Proteins are polymers of amino acids. Twenty different types of amino acids occur naturally in proteins. Proteins differ from each other according to the type, number and sequence of amino acids that make up the polypeptide backbone. As a result they have different molecular structures, nutritional attributes and physiochemical properties. Proteins are important constituents of foods for a number of different reasons. They are a major source of energy, as well as containing essential amino-acids, such as lysine, tryptophan, methionine, leucine, isoleucine and valine, which are essential to human health, but which the body cannot synthesize. Proteins are also the major structural components of many natural foods, often determining their overall texture, e.g., tenderness of meat or fish products. Isolated proteins are often used in foods as ingredients because of their unique functional properties, i.e., their ability to provide desirable appearance, texture or stability. Typically, proteins are used as gelling agents, emulsifiers, foaming agents and thickeners. Many food proteins are enzymes which are capable of enhancing the rate of certain biochemical reactions. These reactions can have either a favorable or detrimental effect on the overall properties of foods. Food analysts are interested in knowing the total concentration, type, molecular structure and functional properties of the proteins in foods.There are several methods for the determination of proteins in foods.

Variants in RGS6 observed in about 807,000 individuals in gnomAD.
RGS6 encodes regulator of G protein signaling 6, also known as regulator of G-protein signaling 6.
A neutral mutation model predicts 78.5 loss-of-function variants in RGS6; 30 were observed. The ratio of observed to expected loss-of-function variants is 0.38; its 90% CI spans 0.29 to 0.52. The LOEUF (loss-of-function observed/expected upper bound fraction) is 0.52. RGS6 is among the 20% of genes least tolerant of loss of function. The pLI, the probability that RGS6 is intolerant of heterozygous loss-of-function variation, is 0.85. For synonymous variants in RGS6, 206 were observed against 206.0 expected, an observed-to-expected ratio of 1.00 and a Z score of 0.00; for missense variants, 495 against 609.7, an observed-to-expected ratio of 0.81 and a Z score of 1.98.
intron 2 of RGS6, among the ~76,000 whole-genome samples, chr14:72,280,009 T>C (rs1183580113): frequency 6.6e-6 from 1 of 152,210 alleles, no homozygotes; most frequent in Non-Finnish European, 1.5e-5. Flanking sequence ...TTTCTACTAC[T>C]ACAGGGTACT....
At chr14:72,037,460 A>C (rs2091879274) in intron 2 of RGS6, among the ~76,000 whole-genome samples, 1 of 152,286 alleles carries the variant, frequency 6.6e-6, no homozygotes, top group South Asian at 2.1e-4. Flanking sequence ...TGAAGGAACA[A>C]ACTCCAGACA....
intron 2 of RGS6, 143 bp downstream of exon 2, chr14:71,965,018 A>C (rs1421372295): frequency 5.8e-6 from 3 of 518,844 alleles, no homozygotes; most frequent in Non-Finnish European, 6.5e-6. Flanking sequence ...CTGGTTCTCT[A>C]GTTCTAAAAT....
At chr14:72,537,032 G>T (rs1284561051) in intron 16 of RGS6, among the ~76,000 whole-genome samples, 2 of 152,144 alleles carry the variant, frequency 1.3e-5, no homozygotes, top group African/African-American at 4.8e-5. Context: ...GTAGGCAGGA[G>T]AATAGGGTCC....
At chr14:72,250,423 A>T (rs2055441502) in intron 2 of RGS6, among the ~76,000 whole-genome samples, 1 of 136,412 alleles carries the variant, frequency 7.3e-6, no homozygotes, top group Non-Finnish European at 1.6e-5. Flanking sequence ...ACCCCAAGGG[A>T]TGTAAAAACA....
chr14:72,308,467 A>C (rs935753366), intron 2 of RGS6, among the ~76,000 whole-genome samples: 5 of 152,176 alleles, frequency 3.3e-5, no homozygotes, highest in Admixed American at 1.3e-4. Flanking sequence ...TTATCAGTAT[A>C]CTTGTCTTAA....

The Kjeldahl method was developed in 1883 by a brewer called Johann Kjeldahl. A food is digested with a strong acid so that it releases nitrogen which can be determined by a suitable titration technique. The amount of protein present is then calculated from the nitrogen concentration of the food. The same basic approach is still used today, although a number of improvements have been made to speed up the process and to obtain more accurate measurements. It is usually considered to be the standard method of determining protein concentration. Because the Kjeldahl method does not measure the protein content directly a conversion factor (F) is needed to convert the measured nitrogen concentration to a protein concentration. A conversion factor of 6.25 (equivalent to 0.16 g nitrogen per gram of protein) is used for many applications, however, this is only an average value, and each protein has a different conversion factor depending on its amino-acid composition. The Kjeldahl method can conveniently be divided into three steps: digestion, neutralization and titration.